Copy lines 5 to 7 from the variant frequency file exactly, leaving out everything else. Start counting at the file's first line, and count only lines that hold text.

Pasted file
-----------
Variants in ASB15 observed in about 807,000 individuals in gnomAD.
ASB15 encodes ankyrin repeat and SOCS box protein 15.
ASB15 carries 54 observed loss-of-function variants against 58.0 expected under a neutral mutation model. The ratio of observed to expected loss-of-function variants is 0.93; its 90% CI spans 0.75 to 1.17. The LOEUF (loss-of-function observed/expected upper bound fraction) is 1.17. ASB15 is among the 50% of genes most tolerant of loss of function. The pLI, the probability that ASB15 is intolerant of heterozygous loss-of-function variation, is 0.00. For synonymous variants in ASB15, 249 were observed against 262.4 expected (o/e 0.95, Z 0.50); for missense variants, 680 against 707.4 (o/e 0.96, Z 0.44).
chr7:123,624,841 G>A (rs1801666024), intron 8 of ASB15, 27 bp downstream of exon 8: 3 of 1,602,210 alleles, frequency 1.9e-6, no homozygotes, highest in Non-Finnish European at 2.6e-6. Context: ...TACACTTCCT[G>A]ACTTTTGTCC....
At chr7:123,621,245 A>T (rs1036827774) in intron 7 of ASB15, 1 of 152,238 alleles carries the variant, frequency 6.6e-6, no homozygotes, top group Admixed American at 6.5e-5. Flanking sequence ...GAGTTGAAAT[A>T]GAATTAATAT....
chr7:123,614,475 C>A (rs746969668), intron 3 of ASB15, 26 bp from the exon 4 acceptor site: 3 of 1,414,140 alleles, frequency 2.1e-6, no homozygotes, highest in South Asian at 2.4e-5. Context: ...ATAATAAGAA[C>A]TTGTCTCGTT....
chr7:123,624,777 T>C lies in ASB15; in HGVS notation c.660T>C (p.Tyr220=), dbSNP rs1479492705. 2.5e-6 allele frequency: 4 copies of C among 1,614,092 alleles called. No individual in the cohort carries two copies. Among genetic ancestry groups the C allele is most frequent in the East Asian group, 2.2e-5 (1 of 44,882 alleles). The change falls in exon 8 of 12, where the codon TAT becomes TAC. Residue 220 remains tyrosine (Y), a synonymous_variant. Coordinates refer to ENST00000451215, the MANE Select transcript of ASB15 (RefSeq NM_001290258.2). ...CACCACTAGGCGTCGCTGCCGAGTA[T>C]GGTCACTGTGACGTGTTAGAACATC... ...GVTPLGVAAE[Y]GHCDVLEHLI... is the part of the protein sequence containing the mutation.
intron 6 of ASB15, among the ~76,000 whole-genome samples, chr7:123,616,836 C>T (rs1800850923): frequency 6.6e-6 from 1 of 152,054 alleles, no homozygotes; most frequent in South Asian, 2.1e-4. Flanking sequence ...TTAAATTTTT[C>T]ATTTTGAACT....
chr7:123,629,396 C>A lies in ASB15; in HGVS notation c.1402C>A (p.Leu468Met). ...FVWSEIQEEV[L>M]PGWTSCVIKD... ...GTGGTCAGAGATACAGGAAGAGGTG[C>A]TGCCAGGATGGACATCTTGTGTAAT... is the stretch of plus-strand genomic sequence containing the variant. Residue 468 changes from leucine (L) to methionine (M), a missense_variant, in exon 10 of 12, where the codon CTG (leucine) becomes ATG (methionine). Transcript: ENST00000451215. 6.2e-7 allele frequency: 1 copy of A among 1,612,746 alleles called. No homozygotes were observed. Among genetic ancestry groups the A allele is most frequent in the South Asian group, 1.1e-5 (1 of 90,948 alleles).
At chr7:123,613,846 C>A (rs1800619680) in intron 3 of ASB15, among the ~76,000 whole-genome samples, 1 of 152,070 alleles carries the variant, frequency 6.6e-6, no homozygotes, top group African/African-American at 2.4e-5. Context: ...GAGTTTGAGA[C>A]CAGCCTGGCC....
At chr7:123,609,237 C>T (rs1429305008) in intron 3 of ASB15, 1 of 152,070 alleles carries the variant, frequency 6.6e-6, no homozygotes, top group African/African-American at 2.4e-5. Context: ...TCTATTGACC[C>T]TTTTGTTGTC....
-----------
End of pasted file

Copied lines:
At chr7:123,621,245 A>T (rs1036827774) in intron 7 of ASB15, 1 of 152,238 alleles carries the variant, frequency 6.6e-6, no homozygotes, top group Admixed American at 6.5e-5. Flanking sequence ...GAGTTGAAAT[A>T]GAATTAATAT....
chr7:123,614,475 C>A (rs746969668), intron 3 of ASB15, 26 bp from the exon 4 acceptor site: 3 of 1,414,140 alleles, frequency 2.1e-6, no homozygotes, highest in South Asian at 2.4e-5. Context: ...ATAATAAGAA[C>A]TTGTCTCGTT....
chr7:123,624,777 T>C lies in ASB15; in HGVS notation c.660T>C (p.Tyr220=), dbSNP rs1479492705. 2.5e-6 allele frequency: 4 copies of C among 1,614,092 alleles called. No individual in the cohort carries two copies. Among genetic ancestry groups the C allele is most frequent in the East Asian group, 2.2e-5 (1 of 44,882 alleles). The change falls in exon 8 of 12, where the codon TAT becomes TAC. Residue 220 remains tyrosine (Y), a synonymous_variant. Coordinates refer to ENST00000451215, the MANE Select transcript of ASB15 (RefSeq NM_001290258.2). ...CACCACTAGGCGTCGCTGCCGAGTA[T>C]GGTCACTGTGACGTGTTAGAACATC... ...GVTPLGVAAE[Y]GHCDVLEHLI... is the part of the protein sequence containing the mutation.